Essay Gasland Rhetorical Analysis

623 Words Mar 5th, 2015 3 Pages
Fox’s argument is effective, because he uses all forms of pathos, ethos, and logos, to clearly define that Natural Gas Companies are in the wrong and that the general public could be at risk in the imminent future. That being said, although the people with contaminated drinking water are the only ones being presently threatened, as more and more people sign off their land to be fracked, more and more people have their lands and livelihoods destroyed.
The audience isn’t just the people being terrorized, the problem is looming over everyone who has built a life near a body of water, and that effectively includes every single person. The rhetorical purpose is to inform everyone of this problem, and hopefully prevent people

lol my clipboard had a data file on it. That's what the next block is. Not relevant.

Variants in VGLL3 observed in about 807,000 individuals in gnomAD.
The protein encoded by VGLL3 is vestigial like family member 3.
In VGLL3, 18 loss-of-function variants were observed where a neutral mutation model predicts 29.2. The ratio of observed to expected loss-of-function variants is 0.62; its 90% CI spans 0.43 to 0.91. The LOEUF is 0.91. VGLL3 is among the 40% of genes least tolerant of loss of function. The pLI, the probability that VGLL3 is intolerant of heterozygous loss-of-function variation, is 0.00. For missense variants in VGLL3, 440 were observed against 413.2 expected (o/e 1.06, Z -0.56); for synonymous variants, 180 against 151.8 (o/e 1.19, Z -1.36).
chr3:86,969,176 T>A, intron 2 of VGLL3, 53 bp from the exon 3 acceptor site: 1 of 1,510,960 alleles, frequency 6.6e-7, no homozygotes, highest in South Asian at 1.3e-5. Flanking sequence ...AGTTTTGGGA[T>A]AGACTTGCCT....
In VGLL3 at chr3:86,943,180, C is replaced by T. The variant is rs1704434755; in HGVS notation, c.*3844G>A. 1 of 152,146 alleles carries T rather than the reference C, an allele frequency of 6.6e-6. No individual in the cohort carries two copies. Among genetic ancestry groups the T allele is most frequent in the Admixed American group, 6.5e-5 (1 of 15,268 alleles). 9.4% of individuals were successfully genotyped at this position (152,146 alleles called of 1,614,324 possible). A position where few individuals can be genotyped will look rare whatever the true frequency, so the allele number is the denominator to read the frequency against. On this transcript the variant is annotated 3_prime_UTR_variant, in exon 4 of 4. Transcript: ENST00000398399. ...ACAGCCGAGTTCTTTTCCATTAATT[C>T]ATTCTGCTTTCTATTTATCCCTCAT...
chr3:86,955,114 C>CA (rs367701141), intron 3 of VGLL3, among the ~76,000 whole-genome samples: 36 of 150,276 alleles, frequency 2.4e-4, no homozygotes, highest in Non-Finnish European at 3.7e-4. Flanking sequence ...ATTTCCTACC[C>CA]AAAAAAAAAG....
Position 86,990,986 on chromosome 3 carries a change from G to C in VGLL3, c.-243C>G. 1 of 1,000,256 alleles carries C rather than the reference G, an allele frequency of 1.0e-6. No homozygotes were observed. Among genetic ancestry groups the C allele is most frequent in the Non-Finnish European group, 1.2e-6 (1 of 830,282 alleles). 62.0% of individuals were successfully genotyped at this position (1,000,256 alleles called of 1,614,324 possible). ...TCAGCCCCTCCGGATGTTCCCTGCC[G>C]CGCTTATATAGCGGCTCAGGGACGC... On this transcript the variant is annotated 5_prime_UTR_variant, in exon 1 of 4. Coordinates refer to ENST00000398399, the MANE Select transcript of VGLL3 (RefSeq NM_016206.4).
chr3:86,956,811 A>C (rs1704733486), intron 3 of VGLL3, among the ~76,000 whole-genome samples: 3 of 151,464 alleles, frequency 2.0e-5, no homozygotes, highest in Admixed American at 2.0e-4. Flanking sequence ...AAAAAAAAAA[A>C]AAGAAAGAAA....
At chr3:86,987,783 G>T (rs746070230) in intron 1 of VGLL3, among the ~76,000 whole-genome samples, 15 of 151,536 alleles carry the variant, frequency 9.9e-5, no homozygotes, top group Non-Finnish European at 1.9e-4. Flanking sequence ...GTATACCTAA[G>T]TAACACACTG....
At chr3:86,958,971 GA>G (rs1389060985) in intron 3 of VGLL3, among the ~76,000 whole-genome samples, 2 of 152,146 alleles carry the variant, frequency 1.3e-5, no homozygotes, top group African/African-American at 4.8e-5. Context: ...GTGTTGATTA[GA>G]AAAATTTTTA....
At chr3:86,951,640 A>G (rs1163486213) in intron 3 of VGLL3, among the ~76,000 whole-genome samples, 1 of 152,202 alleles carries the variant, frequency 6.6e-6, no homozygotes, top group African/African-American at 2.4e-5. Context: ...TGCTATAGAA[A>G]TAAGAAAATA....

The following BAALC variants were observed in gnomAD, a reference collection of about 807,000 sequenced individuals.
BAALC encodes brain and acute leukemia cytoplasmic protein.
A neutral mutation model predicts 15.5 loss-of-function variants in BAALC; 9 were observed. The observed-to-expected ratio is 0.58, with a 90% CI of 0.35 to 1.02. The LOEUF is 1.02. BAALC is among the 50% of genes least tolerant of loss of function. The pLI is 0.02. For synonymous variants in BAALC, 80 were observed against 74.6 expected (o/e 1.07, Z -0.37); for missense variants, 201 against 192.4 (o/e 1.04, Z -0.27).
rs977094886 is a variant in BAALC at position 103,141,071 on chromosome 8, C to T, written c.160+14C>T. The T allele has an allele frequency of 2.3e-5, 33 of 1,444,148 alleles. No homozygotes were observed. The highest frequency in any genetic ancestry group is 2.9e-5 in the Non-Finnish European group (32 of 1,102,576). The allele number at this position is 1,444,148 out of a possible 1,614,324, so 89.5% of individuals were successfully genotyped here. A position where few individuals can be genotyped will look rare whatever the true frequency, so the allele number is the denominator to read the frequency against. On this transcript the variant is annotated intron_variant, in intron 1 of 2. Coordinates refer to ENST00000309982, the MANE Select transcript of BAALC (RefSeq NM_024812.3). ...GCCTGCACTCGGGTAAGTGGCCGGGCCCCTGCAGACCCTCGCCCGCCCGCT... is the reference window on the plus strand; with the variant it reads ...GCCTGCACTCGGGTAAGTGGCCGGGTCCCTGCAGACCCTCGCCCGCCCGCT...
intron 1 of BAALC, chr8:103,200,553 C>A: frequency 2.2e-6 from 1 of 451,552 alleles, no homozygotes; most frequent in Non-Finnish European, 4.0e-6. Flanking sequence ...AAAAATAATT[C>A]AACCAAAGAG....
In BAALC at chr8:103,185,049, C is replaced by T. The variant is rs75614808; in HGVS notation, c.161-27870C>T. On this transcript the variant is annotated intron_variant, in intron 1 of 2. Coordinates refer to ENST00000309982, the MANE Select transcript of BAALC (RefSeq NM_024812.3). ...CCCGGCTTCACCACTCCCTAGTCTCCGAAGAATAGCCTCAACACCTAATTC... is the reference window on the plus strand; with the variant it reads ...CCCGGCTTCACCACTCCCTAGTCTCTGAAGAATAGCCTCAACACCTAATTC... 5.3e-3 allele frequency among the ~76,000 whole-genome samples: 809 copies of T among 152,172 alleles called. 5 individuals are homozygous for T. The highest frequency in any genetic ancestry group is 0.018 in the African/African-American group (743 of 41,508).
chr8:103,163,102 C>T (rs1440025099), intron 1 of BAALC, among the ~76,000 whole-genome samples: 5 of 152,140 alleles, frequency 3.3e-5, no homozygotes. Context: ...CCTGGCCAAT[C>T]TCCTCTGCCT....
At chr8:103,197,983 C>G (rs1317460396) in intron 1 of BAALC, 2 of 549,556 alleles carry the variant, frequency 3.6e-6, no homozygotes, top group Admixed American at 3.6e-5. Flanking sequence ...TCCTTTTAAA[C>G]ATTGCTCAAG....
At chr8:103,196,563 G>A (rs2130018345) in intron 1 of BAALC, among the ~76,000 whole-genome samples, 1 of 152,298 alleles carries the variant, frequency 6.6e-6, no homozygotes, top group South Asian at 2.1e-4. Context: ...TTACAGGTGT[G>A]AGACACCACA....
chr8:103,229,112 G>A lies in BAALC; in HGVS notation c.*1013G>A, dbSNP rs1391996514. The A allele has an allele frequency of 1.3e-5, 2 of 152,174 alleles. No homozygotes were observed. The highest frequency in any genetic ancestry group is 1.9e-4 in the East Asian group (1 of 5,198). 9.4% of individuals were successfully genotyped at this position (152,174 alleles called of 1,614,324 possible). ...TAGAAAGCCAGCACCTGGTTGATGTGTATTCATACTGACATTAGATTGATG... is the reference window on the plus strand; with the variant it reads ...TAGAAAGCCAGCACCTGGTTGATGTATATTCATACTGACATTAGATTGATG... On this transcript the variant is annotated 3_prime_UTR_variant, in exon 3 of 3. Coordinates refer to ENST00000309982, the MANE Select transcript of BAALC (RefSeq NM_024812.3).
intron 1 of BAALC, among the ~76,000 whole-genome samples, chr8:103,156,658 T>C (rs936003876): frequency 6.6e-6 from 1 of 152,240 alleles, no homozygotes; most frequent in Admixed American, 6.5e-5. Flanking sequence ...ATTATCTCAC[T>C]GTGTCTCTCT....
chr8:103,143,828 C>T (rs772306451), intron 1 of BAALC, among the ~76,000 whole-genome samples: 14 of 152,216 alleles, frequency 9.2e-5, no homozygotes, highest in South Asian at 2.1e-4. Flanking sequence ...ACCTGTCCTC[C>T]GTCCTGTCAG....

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Pathos was the major component in Fox’s argument, and it specifically featured phrases like, “She turned into a walking nightmare of a mess physically,” where a woman was described after having consumed the water for several months. The entire empathetic argument revolved around having your world stolen, which is what the landowner experienced when their drinking and outside water was polluted, their rigs on the edge of explosion, and the air hopefully being sucked out of their lungs before it burned them. The images of the dead rabbits, frogs, fish, and birds also tugged at the heartstrings, because in no way could that many animals have died without humans having to do with the cause. The helplessness of the animals contributed a gloomy disposition to the entire argument, and further contributed to putting the companies in the absolute wrong. Fox’s style included a majority of facts, which enabled him to express credibility and empathy through them. He used a very dry humor when discussing the randomness the companies exhibited, i.e. colored flags, and constantly brought back the banjo to represent the song “This Land is Your Land” from the beginning of the presentation. The changing scenes kept the audience entertained and engaged, because it was easier to focus on multiple shorter segments than a monologue that was dull and endless. The components of the argument, mainly
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